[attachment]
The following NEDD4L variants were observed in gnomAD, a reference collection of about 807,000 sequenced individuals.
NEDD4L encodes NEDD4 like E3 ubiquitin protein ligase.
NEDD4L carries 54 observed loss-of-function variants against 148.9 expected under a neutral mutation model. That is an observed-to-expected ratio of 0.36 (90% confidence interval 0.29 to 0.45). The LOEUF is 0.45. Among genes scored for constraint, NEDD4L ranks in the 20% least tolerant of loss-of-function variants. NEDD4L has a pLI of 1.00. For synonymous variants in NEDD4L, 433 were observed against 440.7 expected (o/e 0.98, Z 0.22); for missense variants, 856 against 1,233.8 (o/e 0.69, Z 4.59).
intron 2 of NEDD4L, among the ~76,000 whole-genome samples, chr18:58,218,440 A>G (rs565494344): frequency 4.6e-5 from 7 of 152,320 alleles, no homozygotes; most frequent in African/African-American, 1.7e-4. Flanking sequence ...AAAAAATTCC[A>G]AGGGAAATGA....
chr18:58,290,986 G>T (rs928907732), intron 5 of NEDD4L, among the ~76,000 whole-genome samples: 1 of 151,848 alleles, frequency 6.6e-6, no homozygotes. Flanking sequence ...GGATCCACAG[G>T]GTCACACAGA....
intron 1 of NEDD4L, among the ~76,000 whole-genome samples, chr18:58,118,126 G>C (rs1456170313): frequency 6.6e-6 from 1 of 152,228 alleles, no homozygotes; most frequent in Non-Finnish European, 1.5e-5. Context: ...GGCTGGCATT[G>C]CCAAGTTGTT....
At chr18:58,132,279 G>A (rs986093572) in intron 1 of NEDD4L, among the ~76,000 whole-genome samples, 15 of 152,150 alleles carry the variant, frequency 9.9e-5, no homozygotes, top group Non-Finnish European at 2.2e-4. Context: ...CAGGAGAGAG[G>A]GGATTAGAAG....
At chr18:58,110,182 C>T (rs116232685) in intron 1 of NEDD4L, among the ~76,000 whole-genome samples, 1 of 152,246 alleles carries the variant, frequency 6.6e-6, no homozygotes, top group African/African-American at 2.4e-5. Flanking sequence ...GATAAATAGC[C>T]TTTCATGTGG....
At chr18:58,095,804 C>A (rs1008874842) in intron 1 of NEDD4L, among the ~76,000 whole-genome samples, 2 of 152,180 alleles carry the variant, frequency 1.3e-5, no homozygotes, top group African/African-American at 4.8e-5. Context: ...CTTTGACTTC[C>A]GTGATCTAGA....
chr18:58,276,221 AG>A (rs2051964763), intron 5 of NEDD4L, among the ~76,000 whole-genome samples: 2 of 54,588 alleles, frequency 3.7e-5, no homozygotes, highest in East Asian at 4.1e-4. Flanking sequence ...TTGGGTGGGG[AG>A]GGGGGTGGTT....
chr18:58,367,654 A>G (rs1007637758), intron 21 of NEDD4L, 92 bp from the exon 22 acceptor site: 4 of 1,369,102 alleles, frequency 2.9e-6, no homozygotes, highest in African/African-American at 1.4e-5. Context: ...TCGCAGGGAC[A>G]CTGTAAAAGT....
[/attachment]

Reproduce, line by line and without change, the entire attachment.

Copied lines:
The following NEDD4L variants were observed in gnomAD, a reference collection of about 807,000 sequenced individuals.
NEDD4L encodes NEDD4 like E3 ubiquitin protein ligase.
NEDD4L carries 54 observed loss-of-function variants against 148.9 expected under a neutral mutation model. That is an observed-to-expected ratio of 0.36 (90% confidence interval 0.29 to 0.45). The LOEUF is 0.45. Among genes scored for constraint, NEDD4L ranks in the 20% least tolerant of loss-of-function variants. NEDD4L has a pLI of 1.00. For synonymous variants in NEDD4L, 433 were observed against 440.7 expected (o/e 0.98, Z 0.22); for missense variants, 856 against 1,233.8 (o/e 0.69, Z 4.59).
intron 2 of NEDD4L, among the ~76,000 whole-genome samples, chr18:58,218,440 A>G (rs565494344): frequency 4.6e-5 from 7 of 152,320 alleles, no homozygotes; most frequent in African/African-American, 1.7e-4. Flanking sequence ...AAAAAATTCC[A>G]AGGGAAATGA....
chr18:58,290,986 G>T (rs928907732), intron 5 of NEDD4L, among the ~76,000 whole-genome samples: 1 of 151,848 alleles, frequency 6.6e-6, no homozygotes. Flanking sequence ...GGATCCACAG[G>T]GTCACACAGA....
intron 1 of NEDD4L, among the ~76,000 whole-genome samples, chr18:58,118,126 G>C (rs1456170313): frequency 6.6e-6 from 1 of 152,228 alleles, no homozygotes; most frequent in Non-Finnish European, 1.5e-5. Context: ...GGCTGGCATT[G>C]CCAAGTTGTT....
At chr18:58,132,279 G>A (rs986093572) in intron 1 of NEDD4L, among the ~76,000 whole-genome samples, 15 of 152,150 alleles carry the variant, frequency 9.9e-5, no homozygotes, top group Non-Finnish European at 2.2e-4. Context: ...CAGGAGAGAG[G>A]GGATTAGAAG....
At chr18:58,110,182 C>T (rs116232685) in intron 1 of NEDD4L, among the ~76,000 whole-genome samples, 1 of 152,246 alleles carries the variant, frequency 6.6e-6, no homozygotes, top group African/African-American at 2.4e-5. Flanking sequence ...GATAAATAGC[C>T]TTTCATGTGG....
At chr18:58,095,804 C>A (rs1008874842) in intron 1 of NEDD4L, among the ~76,000 whole-genome samples, 2 of 152,180 alleles carry the variant, frequency 1.3e-5, no homozygotes, top group African/African-American at 4.8e-5. Context: ...CTTTGACTTC[C>A]GTGATCTAGA....
chr18:58,276,221 AG>A (rs2051964763), intron 5 of NEDD4L, among the ~76,000 whole-genome samples: 2 of 54,588 alleles, frequency 3.7e-5, no homozygotes, highest in East Asian at 4.1e-4. Flanking sequence ...TTGGGTGGGG[AG>A]GGGGGTGGTT....
chr18:58,367,654 A>G (rs1007637758), intron 21 of NEDD4L, 92 bp from the exon 22 acceptor site: 4 of 1,369,102 alleles, frequency 2.9e-6, no homozygotes, highest in African/African-American at 1.4e-5. Context: ...TCGCAGGGAC[A>G]CTGTAAAAGT....